burning hoop pine
scent of a warm kitchen
oatmeal with brown sugar
5. Alternating prose and verse elements
I climb round and round close to the outside wall, to avoid the railing where the stair treads narrow about their central post. A semi-circular platform rests high above. Its glass windows provide a sweeping view. Counting the last few steps, I finally reach the top of the Moreton Bay Lighthouse, where I gaze in awe at the ocean below.
the rising sun
an endless pathway
of molten gold
Outside the lighthouse, lamp is rotating. I disengage it as there is no need for its warning light. Now the bold red and white stripes of the lighthouse itself will become the beacon. I study the turbulence of the deep waters churning the rocky shore below. The subtle changes in the wind, waves, and tides are entered in my log book – these brief markers of the ever-transforming seascape that surrounds me.
a foot print shelters
one tiny crab”
Here are some great sites that will help you write your poetry and count syllables.
For Synonyms and Antonyms. When your word has too many syllables, find one that works.
Find out how many syllables each word has. I use this site for all my Haiku and Tanka poems. Click on the “Poetry Workshop” tab to create your Haiku or Tanka.
I will publish the Tuesday prompt post at 12: 03 A.M. Mountain Standard Time (Denver
Time). That should give everyone time to see the prompt from around the world.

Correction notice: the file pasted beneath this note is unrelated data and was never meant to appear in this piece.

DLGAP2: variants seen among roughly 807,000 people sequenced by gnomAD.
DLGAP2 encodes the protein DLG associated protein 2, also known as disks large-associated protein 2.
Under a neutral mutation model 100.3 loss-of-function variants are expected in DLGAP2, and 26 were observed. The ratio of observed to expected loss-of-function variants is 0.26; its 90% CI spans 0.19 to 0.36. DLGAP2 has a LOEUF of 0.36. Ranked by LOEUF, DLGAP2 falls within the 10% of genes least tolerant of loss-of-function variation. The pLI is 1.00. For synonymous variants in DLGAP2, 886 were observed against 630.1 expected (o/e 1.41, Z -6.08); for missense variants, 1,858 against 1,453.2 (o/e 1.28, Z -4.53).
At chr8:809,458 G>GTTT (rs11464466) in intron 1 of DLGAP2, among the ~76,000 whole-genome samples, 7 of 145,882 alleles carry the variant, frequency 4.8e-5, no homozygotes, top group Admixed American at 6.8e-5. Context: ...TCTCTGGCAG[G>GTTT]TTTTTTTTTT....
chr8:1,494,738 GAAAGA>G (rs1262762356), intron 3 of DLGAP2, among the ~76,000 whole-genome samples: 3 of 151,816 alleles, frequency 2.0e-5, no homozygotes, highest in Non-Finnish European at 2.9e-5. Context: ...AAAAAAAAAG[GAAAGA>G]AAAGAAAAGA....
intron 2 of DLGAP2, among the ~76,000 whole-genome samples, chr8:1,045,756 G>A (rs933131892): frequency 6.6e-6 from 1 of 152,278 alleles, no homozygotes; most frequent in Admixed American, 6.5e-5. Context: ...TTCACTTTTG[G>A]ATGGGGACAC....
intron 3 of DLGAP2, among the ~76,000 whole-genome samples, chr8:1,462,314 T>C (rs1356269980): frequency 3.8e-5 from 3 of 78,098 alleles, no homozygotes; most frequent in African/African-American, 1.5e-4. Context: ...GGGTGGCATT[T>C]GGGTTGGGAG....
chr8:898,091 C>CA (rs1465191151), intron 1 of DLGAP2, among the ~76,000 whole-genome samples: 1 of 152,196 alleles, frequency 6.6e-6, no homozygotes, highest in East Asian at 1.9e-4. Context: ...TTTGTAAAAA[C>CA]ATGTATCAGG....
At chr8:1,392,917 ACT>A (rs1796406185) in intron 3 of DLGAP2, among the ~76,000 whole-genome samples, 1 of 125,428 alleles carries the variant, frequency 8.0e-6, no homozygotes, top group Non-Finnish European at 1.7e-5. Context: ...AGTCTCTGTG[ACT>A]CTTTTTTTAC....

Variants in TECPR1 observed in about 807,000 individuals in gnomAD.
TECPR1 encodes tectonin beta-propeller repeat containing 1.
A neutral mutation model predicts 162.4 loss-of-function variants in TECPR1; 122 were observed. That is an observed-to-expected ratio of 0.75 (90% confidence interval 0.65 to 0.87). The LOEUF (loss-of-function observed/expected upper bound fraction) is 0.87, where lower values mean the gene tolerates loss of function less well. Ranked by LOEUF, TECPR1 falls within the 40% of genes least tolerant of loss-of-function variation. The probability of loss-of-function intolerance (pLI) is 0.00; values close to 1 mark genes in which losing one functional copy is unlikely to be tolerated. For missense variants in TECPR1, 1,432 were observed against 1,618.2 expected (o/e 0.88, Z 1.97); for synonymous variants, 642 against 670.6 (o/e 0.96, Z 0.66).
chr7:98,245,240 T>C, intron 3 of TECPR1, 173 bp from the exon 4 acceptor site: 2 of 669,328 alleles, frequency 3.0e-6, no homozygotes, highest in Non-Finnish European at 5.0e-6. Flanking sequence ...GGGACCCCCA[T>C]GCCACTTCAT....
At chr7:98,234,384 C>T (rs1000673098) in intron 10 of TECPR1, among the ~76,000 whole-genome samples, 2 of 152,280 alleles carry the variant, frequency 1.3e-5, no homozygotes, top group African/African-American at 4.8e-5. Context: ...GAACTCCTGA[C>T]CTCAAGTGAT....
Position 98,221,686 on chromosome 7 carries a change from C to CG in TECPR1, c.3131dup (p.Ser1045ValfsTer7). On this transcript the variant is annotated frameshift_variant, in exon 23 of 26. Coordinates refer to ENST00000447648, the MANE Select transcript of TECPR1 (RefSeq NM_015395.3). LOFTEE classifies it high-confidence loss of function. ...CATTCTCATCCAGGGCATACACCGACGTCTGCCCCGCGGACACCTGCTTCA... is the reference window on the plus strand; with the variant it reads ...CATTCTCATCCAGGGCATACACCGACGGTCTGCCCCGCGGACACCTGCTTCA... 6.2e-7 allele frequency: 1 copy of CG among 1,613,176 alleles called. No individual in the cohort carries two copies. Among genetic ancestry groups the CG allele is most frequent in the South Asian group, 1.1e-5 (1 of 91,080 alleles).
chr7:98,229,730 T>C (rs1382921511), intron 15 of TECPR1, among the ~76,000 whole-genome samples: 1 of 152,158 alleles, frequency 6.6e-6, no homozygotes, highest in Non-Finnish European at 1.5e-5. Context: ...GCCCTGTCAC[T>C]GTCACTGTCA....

WRITE YOUR POEM ON YOUR BLOG as a post.
How Long Do You Have and Your Deadline: You have a week to complete the Challenge with a deadline of Monday at 12:00 P.M. (Noon)
Denver time, U. S. A. This will give me a chance to add the links from everyone’s poem post from the previous week, on the new prompt I send out on Tuesday. I urge everyone to visit the blogs and comment on everyone’s poem.
The rules are simple.
I will give you two words that you need to use (in some form) in the writing of your poetry. This will be a challenge in writing your Haibun poem. Follow the rules carefully.
The two words can be used in any way you would like to use them. Words have different definitions, and you can use the definitions you like. Feel free to use synonyms for the words when the poetry form calls for it.
LINK YOUR BLOG POST TO MINE WITH A PINGBACK. To do a Pingback: Copy the URL (the HTTP:// address of my post) for the current week’s Challenge and paste it into your post. You may also place a copy of your URL of your post in the comments of the current week’s Challenge post.
Because of the time difference between where you are, and I am, you might not think your link is there. I manually approve all links. People participating in the challenge may visit you and comment or “like” your post. I also need at least a Pingback or a link in the comments section to know you took part and to include you in the Weekly Review section of the new prompt on Tuesday.
BE CREATIVE. Use your photos and create “Visual POETRY” if you wish, although it is not necessary. Use whatever program you want to make your images.
As time permits, I will visit your blog, comment, and TWEET your POETRY
If you add these hashtags to your post TITLE (depending on which poetry form you use) your poetry may be viewed more often: